Children with allergic asthma who are treated with subcutaneous immunotherapy (SCIT) may not experience a significant change in symptoms compared with patients treated with placebo, but they may experience a reduction in asthma exacerbations, according to a study published in BMJ Open. In addition, these children may not experience the same beneficial effects in reducing asthma exacerbations and symptoms when treated with sublingual immunotherapy (SLIT).
Researchers performed a systematic review of the literature regarding the use of both SCIT and SLIT in the treatment of childhood asthma. A total of 6 systematic reviews and randomized controlled trials were searched and apprised using the Grading of Recommendations Assessment, Development and Evaluation (GRADE) approach to determine the benefits and/or clinical outcomes related to the use of SCIT or SLIT in this patient population.
The evidence found gave researchers great concern regarding the quality of the studies. Researchers found the randomization processes to be poor, information regarding follow up lacking, failure to follow up with patients, and a lack of consistency in double-blind and placebo-controlled trial designs.
Study results demonstrated no effect on asthma symptoms in children treated with SCIT in 4 studies. A decrease in asthma exacerbations (pooled risk ratio, 0.47; 95% CI, 0.31-0.72) in children treated with immunotherapy (n=253) compared with placebo (n=153) was found in 5 studies.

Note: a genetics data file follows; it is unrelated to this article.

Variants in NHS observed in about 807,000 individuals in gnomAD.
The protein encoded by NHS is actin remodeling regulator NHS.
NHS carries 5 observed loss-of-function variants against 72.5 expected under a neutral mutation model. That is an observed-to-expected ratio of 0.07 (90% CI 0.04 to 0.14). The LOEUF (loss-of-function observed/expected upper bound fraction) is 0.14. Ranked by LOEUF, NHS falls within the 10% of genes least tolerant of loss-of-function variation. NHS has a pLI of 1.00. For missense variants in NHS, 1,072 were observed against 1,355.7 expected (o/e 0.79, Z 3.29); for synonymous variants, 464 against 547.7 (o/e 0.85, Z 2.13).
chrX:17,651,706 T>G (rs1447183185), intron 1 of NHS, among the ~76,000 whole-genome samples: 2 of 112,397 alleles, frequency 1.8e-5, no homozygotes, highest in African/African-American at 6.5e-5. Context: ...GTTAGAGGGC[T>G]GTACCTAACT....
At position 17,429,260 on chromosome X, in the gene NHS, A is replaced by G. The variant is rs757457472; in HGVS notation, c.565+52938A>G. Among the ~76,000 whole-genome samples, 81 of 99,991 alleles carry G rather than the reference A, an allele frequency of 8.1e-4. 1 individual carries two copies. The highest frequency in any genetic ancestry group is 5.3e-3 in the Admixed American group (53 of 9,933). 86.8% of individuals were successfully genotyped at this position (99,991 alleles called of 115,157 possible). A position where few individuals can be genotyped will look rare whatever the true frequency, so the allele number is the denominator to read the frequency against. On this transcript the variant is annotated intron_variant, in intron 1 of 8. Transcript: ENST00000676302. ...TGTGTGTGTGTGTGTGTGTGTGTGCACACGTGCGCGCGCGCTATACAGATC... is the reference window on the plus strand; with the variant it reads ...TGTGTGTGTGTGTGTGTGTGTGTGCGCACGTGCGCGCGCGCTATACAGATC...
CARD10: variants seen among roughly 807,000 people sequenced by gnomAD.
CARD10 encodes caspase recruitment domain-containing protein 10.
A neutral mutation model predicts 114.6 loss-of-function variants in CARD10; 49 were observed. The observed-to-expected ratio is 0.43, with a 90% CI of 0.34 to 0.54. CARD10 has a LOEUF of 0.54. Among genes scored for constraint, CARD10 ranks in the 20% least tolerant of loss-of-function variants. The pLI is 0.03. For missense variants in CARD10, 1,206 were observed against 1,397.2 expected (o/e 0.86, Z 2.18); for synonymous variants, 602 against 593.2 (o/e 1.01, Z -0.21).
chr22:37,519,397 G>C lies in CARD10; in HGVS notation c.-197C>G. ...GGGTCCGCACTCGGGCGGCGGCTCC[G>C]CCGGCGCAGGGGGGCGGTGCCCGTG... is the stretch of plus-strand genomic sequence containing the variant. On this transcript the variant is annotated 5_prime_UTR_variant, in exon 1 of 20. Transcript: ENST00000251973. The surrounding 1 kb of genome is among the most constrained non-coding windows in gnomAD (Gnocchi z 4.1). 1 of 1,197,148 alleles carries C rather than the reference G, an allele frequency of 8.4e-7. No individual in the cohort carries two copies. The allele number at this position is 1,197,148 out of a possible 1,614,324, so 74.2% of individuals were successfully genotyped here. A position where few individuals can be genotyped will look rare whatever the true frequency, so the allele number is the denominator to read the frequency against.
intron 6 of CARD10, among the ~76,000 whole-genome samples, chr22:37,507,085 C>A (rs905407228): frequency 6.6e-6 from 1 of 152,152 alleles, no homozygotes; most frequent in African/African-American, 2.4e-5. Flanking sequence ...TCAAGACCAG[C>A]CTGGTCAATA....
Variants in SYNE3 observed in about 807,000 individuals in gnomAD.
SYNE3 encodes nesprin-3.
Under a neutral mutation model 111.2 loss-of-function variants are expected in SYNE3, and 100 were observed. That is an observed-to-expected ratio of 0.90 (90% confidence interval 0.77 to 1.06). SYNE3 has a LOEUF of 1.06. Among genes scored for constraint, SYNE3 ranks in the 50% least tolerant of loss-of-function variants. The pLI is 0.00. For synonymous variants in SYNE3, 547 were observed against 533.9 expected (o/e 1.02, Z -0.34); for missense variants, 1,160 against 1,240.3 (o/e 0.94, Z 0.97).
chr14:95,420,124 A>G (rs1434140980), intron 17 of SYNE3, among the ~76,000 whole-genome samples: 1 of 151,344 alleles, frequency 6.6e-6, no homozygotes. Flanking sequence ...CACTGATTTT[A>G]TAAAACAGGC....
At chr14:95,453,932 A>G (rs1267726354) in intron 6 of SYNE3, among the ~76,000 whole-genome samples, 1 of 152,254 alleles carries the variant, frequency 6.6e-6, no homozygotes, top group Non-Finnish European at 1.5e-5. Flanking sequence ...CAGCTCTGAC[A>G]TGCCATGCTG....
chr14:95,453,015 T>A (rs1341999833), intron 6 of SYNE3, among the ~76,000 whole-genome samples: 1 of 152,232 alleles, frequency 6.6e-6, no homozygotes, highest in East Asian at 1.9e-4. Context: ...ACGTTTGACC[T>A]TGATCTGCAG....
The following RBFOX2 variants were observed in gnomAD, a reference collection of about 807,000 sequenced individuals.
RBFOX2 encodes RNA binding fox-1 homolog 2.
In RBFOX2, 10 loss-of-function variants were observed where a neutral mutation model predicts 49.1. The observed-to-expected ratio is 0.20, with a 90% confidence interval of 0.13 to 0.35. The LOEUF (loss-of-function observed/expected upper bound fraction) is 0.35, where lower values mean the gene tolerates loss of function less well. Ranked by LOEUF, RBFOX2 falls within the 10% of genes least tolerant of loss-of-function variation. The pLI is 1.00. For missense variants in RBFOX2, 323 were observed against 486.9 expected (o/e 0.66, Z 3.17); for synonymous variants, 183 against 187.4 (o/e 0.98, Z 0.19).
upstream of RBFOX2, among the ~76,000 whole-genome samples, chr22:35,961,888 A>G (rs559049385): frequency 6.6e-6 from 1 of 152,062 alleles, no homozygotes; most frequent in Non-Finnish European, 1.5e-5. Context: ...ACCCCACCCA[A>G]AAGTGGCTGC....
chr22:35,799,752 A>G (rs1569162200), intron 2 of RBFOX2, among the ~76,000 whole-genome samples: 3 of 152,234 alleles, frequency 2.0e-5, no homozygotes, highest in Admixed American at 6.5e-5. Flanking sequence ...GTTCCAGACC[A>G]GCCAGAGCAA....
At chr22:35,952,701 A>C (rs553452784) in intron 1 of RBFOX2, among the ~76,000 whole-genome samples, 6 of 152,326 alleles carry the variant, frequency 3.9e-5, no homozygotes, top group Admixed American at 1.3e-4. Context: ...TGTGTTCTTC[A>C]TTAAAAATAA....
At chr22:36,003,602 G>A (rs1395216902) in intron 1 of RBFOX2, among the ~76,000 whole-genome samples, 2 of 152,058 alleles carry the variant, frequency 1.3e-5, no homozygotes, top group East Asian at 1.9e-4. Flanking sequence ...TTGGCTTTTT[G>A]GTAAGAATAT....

Children treated with SLIT did not have improvements in asthma symptoms, asthma exacerbation rates, quality of life, or lung function. Of note, a meta-analysis of the results of each study could not be performed because the studies used different symptom scales, rendering them incomparable and therefore unreliable.
Researchers concluded that the effectiveness of SCIT and SLIT in children with asthma cannot be confidently determined as the overall quality of evidence in the studies was very low and had to be downgraded because of a lack of valid applicable evidence on outcomes, a high risk for bias, failure to follow up, lack of information on follow-up, lack of allocation concealment, and the heterogeneous nature of the studies. Limited valid applicable evidence could be found regarding the clinical effectiveness of SCIT and SLIT therapy, and therefore these therapies are not recommended as treatment options in children with asthma.
van de Griendt E-J, Tuut MK, de Groot H, Brand PLP. Applicability of evidence from previous systematic reviews on immunotherapy in current practice of childhood asthma treatment: a GRADE (Grading of Recommendations Assessment, Development and Evaluation) systematic review. BMJ Open. 2017;7(12):e016326.